Where to eat your next meal? Dozens of mobile apps are vying for the lucrative chance to tell you where to dine tonight, or five minutes from now, or within five blocks. Most app suggestions couple your cuisine choice with proximity, or restaurant reviews. Some base it on your plans--is this a hot date or staid business dinner? City Harvest just teamed up with Open Table to add a new element to the selection criteria: ethics.
Tons of food is wasted every night as restaurants toss out unsold stock. The hunger charity City Harvest has been trying to salvage as much of that as possible for needy New Yorkers for more than 25 years. Hundreds of restaurants sign on to save their excess edibles for nightly pick up. In return they get both a warm and fuzzy feeling and inclusion in the nonprofit’s annual Great Food, Good Hearts guide, which lists which restaurants support City Harvest.
Now you don't have to consult your dog-eared paper guide. The City Harvest app brings the idea of conscious dinner consumption into the mobile age. It’s just like the Open Table app with one major charitable modification--and one technical innovation.
You can search by cuisine, location, or name of restaurant, but every restaurant that the app shows you will be a City Harvest partner, so you know wherever you go--at least as far as food waste is concerned--you're voting with your stomach for a more ethical meal. “We did it to recognize the tremendous support we get from the restaurant community and to connect the people who want to dine out with the restaurants that support us,” explained Erin Hoover of City Harvest. It’s good old fashioned consumer pressure for more ethical business behavior.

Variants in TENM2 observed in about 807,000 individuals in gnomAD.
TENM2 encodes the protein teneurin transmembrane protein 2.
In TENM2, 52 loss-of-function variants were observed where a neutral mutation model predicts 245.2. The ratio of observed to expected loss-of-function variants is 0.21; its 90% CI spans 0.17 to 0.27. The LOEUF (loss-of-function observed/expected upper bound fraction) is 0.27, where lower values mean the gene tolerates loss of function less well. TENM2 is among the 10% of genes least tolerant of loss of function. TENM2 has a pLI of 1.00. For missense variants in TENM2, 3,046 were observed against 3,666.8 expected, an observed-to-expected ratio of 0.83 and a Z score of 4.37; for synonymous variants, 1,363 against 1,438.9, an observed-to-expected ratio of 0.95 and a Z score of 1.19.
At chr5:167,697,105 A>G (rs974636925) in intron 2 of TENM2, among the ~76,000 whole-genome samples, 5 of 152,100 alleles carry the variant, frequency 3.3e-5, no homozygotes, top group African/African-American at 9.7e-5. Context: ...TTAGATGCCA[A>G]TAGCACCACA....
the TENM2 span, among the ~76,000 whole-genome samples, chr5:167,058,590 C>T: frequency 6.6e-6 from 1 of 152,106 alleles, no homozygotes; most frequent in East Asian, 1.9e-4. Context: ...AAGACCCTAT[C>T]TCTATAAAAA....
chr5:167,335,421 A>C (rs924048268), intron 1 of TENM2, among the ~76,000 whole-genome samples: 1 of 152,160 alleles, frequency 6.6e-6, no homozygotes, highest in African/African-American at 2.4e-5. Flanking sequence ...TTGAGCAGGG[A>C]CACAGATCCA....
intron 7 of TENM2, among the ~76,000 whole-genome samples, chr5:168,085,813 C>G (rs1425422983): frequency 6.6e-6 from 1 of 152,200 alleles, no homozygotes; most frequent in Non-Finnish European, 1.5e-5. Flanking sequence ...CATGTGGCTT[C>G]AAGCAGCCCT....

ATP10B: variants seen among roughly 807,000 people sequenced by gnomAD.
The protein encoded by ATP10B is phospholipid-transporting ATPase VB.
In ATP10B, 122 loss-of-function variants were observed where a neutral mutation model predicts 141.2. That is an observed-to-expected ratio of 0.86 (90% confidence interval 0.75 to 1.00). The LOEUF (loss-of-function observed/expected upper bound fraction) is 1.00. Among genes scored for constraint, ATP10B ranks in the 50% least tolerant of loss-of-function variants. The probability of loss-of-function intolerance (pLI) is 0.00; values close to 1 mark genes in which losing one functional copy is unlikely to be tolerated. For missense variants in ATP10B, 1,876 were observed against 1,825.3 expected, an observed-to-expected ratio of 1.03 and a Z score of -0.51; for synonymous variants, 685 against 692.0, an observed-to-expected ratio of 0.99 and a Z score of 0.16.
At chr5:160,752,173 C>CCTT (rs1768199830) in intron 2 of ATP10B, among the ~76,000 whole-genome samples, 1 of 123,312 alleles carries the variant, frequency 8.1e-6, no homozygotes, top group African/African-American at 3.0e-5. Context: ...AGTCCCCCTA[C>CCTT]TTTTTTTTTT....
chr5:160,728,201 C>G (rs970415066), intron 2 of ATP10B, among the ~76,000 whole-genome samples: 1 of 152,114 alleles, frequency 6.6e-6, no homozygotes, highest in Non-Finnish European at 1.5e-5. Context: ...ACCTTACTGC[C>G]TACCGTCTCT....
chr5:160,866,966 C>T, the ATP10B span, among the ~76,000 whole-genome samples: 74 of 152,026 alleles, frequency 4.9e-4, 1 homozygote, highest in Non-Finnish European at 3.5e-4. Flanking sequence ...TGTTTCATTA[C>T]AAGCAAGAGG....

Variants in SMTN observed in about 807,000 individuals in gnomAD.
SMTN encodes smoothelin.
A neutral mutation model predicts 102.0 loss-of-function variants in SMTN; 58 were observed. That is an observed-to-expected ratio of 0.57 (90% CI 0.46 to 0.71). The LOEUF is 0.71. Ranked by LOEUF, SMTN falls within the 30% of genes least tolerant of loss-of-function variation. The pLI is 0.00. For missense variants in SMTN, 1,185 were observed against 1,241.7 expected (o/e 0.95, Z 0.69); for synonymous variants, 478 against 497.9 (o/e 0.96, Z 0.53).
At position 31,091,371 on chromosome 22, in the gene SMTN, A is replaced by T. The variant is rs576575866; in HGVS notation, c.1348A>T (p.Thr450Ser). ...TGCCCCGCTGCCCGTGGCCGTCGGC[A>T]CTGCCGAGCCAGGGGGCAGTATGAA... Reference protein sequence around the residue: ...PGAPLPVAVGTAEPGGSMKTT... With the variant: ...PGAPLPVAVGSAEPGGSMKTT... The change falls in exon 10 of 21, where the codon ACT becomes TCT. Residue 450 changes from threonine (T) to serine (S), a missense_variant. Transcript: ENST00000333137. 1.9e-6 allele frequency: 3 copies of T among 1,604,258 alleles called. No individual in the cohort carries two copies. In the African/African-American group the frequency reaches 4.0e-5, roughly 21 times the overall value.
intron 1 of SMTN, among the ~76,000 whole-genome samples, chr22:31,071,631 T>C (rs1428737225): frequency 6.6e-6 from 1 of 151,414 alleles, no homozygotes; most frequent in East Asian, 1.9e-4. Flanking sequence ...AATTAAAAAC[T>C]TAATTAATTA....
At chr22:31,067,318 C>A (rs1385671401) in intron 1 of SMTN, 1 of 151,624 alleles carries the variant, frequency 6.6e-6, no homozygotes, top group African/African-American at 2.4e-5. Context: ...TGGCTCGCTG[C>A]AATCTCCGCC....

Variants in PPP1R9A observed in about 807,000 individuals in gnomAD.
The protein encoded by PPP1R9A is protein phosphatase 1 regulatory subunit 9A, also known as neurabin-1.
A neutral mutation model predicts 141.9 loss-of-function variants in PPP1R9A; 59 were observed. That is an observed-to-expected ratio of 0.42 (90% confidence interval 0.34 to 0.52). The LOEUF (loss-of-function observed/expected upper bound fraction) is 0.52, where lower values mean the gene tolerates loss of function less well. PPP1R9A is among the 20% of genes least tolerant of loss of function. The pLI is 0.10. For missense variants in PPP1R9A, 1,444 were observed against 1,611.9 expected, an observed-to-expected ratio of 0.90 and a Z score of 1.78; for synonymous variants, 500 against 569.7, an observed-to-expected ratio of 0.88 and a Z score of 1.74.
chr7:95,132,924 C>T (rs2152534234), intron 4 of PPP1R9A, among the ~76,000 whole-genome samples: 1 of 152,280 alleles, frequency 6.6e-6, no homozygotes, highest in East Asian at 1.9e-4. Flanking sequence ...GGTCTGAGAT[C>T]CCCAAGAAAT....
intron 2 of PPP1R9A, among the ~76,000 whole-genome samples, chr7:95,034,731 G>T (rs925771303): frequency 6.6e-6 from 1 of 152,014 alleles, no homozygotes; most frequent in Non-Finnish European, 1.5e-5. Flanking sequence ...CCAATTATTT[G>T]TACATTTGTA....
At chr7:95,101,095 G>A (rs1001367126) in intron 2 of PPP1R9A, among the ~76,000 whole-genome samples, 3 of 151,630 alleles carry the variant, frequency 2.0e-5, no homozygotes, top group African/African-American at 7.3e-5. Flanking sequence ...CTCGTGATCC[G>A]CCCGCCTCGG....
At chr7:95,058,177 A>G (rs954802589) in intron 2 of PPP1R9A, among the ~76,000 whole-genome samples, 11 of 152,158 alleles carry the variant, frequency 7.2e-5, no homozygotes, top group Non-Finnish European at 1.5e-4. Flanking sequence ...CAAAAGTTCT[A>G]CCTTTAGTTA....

The technical innovation might turn out to be the more important element though. Right before you are taken from the City Harvest restaurant search to the standard Open Table page for reservations or to-go orders, you will be given the chance to donate. Because Apple hasn’t facilitated in-app donations, the startup company LetGive is taking on that task, and this is one of their first prototypes.
It’s a step forward toward a new kind of charitable ask says, Elizabeth Fastiggi, LetGive's founder, because it is “engaging people in the moment." Bring the charitable request to the potential donor and eliminate as many barriers as possible and you increase the chance of a gift.
"[The users] are clearly already thinking about supporting City Harvest because they are thinking about supporting a restaurant that gives to them, and this is just another way they can easily support City Harvest in a very convenient way.”
[Images: Top, Flickr user MariyaZ; Bottom, City Harvest]